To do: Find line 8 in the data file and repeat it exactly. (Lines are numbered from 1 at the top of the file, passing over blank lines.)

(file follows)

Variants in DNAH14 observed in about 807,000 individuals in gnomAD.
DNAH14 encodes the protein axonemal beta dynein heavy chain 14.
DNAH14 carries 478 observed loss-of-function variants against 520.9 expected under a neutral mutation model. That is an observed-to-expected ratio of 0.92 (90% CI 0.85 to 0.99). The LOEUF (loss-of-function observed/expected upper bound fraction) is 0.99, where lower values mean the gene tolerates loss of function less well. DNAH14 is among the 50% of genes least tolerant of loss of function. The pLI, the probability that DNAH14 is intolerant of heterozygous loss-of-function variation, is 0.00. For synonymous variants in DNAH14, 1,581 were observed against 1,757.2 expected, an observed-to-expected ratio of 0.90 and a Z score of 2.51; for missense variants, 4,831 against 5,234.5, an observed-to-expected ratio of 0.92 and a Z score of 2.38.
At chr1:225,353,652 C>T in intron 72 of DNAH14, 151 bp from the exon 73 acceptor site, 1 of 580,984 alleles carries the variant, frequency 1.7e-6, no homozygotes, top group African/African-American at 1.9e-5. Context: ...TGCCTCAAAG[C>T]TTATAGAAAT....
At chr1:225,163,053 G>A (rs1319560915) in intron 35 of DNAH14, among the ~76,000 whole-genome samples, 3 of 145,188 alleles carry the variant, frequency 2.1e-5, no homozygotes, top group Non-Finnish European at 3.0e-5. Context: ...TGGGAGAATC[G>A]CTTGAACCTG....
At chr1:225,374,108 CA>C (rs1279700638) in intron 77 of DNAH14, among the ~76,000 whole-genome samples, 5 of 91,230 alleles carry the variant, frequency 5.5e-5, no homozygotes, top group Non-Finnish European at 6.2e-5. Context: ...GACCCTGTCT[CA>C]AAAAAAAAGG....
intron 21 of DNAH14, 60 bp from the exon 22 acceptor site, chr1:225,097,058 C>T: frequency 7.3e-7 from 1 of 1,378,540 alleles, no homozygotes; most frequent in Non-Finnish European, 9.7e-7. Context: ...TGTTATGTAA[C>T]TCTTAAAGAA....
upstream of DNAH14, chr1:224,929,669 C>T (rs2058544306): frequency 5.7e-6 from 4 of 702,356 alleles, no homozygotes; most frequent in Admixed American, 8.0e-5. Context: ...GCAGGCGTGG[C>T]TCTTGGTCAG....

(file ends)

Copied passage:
upstream of DNAH14, chr1:224,929,669 C>T (rs2058544306): frequency 5.7e-6 from 4 of 702,356 alleles, no homozygotes; most frequent in Admixed American, 8.0e-5. Context: ...GCAGGCGTGG[C>T]TCTTGGTCAG....